Before I begin - happy anniversary to my husband. We met 33 years ago, at the Fermain Tavern. His romantic chat up line - are you any good out on the wire? - he needed crew for sailing the next day! Fast forward and good job he’s moved on from boats to mohos!
Another easy meal last night, lyonnaise potatoes!
Another interesting batch of characters on The Apprentice! We approve of Tom Allen hosting The Apprentice you’re fired - thought he was very funny!
8am this morning, lots of activity outside - a man in his little digger truck filling stuff into a lorry. Tintin went out and gesticulated in such a manner as should we move, but got a cheery thumbs up and no need!
I drove today, just over an hour and we’re parked up at a park4night place in Vers-Pont-du-Gard. The reviews from here had said why pay €9.50 per person to park and visit the Pont-du-Gard, when you can hike in on the GR63 for free. So we took the conscious decision to be upright, get some movement in our day - and walk. Over four hours later and over 16,000 steps and we’re back for a well deserved cuppa!
A quick bit of history for you. About 25km northeast of Nîmes, the deep valley of the Gardon River is bridged by the Roman aqueduct, the 49m high and 275m long Pont-du-Gard. This mighty building work with three levels of arches was built in around AD 50 employing no mortar and using solid blocks hewn from the rock. It has 35 arches, each block was hauled in by cart or raft, and the largest weighs over 5 tonnes. It was part of a waterway stretching some 50km, by which water was transported to Nîmes from the river Eure (northwest of Uzès), although this is at an elevation of only 17m higher than Nîmes itself. Every day about 20,000 cubic m/4.4 million gallons of water flowed along the stone-paved canal along the top row of the arches, and that continued for as many as 500 years according to the lime deposits it left behind. The Pont-du-Gard has, in spite of all the interventions of time, been so well preserved that even in the 19th century it was proposed that it once more be included as part of a water distribution network. It even survived severe flood waters in September 2002 with no damage. The site attracts 2 million visitors a year.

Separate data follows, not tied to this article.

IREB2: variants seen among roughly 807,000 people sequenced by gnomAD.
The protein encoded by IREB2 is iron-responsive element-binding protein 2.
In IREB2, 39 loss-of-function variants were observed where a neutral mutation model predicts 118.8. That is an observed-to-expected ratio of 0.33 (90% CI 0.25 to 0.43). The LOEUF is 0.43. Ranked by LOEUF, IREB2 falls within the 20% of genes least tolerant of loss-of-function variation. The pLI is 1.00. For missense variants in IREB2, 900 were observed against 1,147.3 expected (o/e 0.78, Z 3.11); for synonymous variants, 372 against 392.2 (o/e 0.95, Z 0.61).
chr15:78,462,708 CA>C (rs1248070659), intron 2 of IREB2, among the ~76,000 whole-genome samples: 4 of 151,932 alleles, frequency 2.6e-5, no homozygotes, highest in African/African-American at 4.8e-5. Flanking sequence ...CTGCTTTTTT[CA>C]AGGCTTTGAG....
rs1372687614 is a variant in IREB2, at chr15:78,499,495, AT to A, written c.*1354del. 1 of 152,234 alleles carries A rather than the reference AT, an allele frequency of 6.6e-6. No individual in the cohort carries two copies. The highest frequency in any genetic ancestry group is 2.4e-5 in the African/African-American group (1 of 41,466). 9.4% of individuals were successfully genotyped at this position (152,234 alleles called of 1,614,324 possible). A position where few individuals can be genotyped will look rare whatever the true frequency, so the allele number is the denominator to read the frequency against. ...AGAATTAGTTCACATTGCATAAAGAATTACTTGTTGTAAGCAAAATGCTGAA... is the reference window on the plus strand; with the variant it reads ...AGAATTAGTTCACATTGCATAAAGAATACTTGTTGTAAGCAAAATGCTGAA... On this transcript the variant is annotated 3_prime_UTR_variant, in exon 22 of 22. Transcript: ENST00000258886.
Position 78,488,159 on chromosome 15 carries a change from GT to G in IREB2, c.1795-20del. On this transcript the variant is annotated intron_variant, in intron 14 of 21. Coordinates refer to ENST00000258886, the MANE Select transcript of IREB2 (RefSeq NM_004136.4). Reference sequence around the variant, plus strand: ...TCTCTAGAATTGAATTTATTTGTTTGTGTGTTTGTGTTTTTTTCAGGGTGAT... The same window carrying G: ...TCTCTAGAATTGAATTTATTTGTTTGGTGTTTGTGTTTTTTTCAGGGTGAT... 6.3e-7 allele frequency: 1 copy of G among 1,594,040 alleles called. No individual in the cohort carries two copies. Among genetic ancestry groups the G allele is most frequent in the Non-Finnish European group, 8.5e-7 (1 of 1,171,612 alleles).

Back in the day, the rich people had water diverted to their houses, the poor - well they took what was left!
It took about an hour to get there, seeing various parts of the aqueduct in ruins on the way, and the anticipation was high. If I’m honest, my first view of it was a little disappointing - only because the photos used in books showed the river high, and the beautiful reflection of the arches. Firstly the river is quite low now, and the sun wasn’t really out, so scuppered the best pictures!